Ralph Gardner Jr: The Challenges Of Pandemic Bottle Redemption
The pandemic and fears associated with it have changed our behavior in ways great and small. In my case very small. Prior to this scourge I’d return my empty bottles and cans to the supermarket at regular intervals to redeem the five-cent deposit. Extended intervals. I wasn’t one of those folks you see arriving with a plastic bag containing five or ten receptacles. By the way, who are these people who consume so little beer and soda that that’s all they have to show for their efforts? Or are so meticulous or have so little storage space that a few measly containers triggers a returnable event?
I don’t think of our family as nonpareil consumers of Canada Dry ginger ale and Harpoon IPA, though my wife and children regularly harangue me about the perils of consuming soft drinks. We’re not chugging the stuff from morning till night. If anything we fall on the abstemious side of the spectrum. If corporate America had to depend on us for their sales they’d promptly run to the government for a bailout.
For me, return for deposit is all, or almost all, about the money. I probably shouldn’t admit this but I actually derive satisfaction from accumulating a critical mass of containers and then returning them all at once. At five cents a bottle, remitting five or ten of them doesn’t go very far. But a hundred receptacles constitutes real money.
Also, it gives me more satisfaction than it probably should knowing that I’m playing my small part in recycling, that my empties aren’t going straight to the Great Pacific Garbage Patch. There again, returning a hundred cans and bottles, both glass and plastic, provides a far greater sense of virtuousness than only a piddling few of them would.
Prior to the pandemic I’d store them in heavy-duty black contractor bags in our garage, then return them to our local supermarket, one or two bulging bags every few months. The result? As much as eight dollars I didn’t have before now burning a hole in my pocket.
But starting in March I was reluctant to visit the supermarket, let alone risk my health by spending ten or twenty minutes jockeying for a free deposit return machine against others whose attitudes towards facemasks and hand sanitizer and transmission of the disease in general might not be as devout as mine.
So the bottles began to accumulate. First one bag. Then two. Before I knew it half the garage was filled with empties. Something had to be done. I suppose I could have donated them to charity. There’s a program called “Clynk” where you bag, tag and drop off your bottles and the funds go to a favorite local endeavor, such as the public library.
But I enjoy the physical act of returning my empties. Watching them vanish into the maw of the machine. Even the sound of crunching glass. The challenge is to deposit as many of them as possible as fast as possible, requiring assembly line speed, dexterity and precision, before the device detects a lull and spills out a receipt.
This doesn’t sound like it should require particular athleticism. But you try dispatching a hundred or two hundred vessels, keeping three machines – glass, plastic and cans – operating simultaneously while a line forms and agitation grows because you’re too selfish or irresponsible not to have returned your deposits at more civilized intervals.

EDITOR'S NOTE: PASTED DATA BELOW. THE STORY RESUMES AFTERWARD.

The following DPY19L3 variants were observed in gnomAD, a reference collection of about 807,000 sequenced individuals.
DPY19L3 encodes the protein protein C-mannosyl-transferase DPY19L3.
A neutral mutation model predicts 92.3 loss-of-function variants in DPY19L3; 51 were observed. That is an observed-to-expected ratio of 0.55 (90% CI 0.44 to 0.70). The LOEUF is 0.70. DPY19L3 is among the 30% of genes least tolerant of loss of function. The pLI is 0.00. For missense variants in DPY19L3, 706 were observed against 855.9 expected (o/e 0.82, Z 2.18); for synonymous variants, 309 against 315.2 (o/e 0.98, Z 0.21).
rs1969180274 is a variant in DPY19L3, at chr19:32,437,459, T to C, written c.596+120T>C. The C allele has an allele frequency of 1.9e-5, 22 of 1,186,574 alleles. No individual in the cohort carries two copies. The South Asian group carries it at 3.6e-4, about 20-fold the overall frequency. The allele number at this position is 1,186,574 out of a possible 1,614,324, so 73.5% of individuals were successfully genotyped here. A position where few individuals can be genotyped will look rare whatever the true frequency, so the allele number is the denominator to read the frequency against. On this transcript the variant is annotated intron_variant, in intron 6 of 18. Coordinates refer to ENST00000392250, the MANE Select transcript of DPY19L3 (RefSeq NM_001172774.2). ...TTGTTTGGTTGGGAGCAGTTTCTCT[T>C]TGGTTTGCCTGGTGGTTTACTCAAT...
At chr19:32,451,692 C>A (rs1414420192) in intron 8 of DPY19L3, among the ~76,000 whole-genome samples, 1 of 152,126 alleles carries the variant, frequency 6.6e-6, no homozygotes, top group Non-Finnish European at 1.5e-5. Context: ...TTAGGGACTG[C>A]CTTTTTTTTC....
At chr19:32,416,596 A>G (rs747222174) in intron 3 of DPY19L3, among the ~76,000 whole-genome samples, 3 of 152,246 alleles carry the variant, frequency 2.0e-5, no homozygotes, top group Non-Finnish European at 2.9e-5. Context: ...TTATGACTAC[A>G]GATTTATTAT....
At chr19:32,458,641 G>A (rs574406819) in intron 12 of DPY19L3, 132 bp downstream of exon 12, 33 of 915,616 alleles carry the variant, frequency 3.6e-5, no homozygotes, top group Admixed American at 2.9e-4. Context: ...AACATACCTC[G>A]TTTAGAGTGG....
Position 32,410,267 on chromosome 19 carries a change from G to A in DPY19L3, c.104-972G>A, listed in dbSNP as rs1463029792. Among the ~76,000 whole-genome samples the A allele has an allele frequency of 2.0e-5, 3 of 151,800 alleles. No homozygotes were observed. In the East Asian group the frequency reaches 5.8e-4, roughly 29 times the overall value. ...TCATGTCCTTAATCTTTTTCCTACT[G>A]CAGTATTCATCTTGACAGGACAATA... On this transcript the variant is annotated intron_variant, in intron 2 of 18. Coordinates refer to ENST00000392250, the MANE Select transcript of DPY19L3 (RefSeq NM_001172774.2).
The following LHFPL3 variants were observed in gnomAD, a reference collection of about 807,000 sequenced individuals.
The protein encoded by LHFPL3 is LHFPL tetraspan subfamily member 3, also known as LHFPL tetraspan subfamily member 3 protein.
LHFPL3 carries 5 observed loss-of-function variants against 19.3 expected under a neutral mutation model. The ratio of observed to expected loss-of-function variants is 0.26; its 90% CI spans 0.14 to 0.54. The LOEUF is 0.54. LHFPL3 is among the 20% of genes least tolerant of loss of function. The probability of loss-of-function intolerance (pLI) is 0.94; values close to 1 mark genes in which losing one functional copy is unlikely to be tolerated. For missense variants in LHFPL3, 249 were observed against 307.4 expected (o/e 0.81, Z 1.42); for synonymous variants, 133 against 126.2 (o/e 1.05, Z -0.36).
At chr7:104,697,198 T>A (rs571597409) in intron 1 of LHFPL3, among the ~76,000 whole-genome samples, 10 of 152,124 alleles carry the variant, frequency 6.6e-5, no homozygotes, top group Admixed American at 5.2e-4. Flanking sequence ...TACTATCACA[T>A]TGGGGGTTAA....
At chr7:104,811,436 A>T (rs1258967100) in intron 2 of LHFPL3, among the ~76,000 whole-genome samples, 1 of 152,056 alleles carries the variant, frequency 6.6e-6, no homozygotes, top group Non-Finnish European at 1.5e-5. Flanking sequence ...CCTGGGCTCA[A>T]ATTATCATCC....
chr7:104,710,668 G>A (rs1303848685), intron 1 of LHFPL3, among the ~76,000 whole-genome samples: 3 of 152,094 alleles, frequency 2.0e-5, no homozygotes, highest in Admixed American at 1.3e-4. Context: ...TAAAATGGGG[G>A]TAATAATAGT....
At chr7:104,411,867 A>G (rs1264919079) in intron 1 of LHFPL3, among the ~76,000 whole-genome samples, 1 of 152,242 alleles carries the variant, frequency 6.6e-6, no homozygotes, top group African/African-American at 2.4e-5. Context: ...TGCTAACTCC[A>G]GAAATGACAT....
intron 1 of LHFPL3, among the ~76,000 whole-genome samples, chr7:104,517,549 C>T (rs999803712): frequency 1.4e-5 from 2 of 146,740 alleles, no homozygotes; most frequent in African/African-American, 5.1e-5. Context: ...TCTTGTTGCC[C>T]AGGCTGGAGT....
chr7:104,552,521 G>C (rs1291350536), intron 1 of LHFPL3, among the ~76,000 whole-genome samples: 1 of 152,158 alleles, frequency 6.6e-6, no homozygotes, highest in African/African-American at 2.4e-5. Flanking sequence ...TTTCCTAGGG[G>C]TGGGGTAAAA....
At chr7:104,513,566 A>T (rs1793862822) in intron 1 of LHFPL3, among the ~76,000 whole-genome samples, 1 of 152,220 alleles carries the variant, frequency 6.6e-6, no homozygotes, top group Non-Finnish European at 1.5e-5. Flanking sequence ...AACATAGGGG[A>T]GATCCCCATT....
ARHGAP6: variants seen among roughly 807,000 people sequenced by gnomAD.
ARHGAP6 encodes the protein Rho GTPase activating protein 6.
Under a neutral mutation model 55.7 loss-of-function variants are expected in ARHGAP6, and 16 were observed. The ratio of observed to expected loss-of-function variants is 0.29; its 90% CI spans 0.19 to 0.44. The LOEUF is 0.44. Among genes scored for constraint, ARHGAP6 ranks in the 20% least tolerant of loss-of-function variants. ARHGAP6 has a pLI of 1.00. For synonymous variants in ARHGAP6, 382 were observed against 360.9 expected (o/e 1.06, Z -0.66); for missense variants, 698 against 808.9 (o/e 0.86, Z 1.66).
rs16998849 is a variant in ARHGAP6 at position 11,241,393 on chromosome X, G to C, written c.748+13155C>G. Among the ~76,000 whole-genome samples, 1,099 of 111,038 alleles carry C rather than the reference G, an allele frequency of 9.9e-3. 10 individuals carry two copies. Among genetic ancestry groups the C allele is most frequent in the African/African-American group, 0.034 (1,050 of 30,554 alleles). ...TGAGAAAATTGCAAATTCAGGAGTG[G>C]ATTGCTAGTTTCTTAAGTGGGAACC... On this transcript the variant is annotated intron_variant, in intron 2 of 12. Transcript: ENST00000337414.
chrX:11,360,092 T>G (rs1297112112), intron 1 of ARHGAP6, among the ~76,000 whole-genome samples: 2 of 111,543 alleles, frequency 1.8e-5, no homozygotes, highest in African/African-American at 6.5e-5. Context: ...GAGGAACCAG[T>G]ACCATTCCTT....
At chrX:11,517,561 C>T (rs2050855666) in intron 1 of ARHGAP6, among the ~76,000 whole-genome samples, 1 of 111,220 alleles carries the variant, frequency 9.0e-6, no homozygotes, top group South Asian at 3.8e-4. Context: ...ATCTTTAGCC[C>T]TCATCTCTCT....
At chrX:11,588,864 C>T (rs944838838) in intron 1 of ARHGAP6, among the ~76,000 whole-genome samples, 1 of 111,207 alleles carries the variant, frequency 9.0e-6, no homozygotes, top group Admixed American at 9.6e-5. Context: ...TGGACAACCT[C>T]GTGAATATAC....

It was only recently, as the infection rate in our area fell below one percent that I felt it safe to brave our local Price Chopper and its self-service, also known as reverse deposit, machines. Obviously, I wasn’t going to return all my bottles at once. That would have constituted a full day affair and risk a potential altercation with fellow customers.
So I’ve decided to return only one full contractor bag at a time, off hours, though who knows what constitutes off hours these days. The first time I did so I was fortunate to find three unoccupied machines – my supermarket boasts a total of six (two each for glass, plastic and cans) – even though the second set of machines were commandeered by a trio of children returning a few bottles, they cheerfully explained, for ice cream money.
Unlike the mixed signals we’ve been receiving from the CDC lately, I tend to treat children, no matter how charming, as fully capable disease superspreaders so I kept the conversation short.
On a second visit around midday the stars were apparently in alignment because I had the entire reverse deposit vending machine area to myself. Turns out I just got lucky. By the time I exited the supermarket, having cashed my winnings, well over six dollars by the way, a line was forming.
My goal is to empty my garage before a dreaded second wave of the virus. However, I’ve already made one major concession to the bottle return process. I no longer ring the button, summoning a sales associate, to manually process bottles and cans that for one reason or another the machines didn’t recognize and rejected. I’m willing to forfeit the additional quarter or fifty cents, leaving the containers neatly stacked in the hope that some other citizen will claim them and pocket the change.
Ralph Gardner, Jr. is a journalist who divides his time between New York City and Columbia County. More of his work can be found at ralphgardner.com
The views expressed by commentators are solely those of the authors. They do not necessarily reflect the views of this station or its management.